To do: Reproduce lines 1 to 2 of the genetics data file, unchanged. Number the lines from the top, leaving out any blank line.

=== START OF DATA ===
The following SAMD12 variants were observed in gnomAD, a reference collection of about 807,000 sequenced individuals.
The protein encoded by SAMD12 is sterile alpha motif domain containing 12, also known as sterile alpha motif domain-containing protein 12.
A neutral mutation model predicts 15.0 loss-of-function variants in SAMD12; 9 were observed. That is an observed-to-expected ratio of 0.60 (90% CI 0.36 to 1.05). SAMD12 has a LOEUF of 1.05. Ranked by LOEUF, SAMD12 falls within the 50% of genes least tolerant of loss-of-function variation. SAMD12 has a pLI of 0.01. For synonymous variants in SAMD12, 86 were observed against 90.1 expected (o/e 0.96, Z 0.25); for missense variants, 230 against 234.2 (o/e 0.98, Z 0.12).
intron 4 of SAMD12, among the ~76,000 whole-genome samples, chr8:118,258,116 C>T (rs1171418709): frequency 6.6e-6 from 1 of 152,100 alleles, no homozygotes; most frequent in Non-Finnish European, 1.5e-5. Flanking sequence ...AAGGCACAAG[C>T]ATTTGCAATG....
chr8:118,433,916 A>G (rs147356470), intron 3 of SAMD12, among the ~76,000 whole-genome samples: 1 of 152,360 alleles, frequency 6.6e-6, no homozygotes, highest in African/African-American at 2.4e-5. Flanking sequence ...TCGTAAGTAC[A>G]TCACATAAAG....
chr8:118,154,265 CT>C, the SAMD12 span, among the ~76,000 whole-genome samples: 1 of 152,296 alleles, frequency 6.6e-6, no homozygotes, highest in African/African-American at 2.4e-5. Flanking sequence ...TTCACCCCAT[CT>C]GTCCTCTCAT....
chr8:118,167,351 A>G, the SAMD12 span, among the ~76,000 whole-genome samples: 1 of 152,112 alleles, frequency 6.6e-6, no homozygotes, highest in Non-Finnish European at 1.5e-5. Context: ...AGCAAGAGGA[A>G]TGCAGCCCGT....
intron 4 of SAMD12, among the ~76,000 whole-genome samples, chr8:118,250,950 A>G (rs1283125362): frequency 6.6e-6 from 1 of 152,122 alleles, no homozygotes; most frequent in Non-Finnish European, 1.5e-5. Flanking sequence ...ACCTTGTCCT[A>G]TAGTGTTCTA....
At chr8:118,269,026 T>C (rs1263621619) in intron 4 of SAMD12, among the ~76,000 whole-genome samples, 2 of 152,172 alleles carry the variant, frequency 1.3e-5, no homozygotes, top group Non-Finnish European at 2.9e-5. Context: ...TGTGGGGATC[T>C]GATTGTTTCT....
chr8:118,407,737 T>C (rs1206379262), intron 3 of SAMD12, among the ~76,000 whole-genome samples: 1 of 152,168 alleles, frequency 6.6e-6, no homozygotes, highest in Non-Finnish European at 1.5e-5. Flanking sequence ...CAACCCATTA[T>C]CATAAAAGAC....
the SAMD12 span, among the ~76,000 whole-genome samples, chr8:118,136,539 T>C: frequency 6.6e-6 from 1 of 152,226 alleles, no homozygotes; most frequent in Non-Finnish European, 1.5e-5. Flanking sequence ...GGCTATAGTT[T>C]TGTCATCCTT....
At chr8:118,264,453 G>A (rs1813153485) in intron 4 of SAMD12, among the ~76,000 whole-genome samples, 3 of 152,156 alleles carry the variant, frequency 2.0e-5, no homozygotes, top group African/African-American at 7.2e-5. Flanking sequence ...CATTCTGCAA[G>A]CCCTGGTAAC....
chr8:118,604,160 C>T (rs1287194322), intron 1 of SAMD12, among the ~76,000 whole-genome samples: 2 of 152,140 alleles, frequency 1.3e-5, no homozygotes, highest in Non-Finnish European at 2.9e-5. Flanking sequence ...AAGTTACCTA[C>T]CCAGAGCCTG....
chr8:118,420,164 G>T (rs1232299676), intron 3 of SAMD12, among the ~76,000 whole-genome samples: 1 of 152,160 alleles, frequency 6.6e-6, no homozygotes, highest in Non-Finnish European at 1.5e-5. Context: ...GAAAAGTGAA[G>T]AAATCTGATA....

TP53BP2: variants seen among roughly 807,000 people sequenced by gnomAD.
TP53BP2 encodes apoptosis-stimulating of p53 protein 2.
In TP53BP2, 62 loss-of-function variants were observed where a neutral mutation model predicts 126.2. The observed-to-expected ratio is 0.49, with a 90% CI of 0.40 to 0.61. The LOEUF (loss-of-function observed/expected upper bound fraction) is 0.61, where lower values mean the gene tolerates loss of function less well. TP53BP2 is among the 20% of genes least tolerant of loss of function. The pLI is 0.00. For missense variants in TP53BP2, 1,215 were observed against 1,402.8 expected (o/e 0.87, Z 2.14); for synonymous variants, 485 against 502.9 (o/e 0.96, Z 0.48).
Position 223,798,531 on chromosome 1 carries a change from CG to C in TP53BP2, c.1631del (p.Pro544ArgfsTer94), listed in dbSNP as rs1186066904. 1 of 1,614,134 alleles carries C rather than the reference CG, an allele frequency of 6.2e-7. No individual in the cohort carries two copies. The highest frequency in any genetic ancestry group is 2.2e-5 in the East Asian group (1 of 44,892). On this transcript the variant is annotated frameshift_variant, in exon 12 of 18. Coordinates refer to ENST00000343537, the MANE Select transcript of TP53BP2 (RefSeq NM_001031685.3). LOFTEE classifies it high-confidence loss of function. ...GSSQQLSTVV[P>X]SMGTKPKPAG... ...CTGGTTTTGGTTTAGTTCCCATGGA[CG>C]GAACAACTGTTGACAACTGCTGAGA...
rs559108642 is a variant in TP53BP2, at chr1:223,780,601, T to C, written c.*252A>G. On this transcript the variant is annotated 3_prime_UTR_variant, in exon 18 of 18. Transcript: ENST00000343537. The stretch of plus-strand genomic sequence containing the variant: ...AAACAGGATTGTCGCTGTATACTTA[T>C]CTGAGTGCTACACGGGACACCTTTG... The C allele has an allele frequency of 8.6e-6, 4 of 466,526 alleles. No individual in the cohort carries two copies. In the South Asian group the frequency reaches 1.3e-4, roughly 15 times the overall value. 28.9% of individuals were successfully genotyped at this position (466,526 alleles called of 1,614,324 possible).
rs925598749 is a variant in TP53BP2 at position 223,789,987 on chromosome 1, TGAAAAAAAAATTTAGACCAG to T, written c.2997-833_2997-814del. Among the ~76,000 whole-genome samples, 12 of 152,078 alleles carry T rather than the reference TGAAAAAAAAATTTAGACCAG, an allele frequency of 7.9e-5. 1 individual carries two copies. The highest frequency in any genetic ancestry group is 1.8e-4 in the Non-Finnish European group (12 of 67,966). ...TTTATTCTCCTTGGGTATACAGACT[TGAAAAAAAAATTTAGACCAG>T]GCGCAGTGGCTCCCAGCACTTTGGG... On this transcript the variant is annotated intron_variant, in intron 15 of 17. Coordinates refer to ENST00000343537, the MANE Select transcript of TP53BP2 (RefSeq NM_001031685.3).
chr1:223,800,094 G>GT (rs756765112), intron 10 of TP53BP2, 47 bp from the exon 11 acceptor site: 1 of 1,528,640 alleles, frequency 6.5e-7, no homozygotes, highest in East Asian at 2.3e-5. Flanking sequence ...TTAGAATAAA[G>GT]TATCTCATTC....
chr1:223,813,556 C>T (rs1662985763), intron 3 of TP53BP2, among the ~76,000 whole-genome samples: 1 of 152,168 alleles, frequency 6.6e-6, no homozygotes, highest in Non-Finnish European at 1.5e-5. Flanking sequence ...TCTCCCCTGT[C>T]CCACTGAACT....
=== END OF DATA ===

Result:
The following SAMD12 variants were observed in gnomAD, a reference collection of about 807,000 sequenced individuals.
The protein encoded by SAMD12 is sterile alpha motif domain containing 12, also known as sterile alpha motif domain-containing protein 12.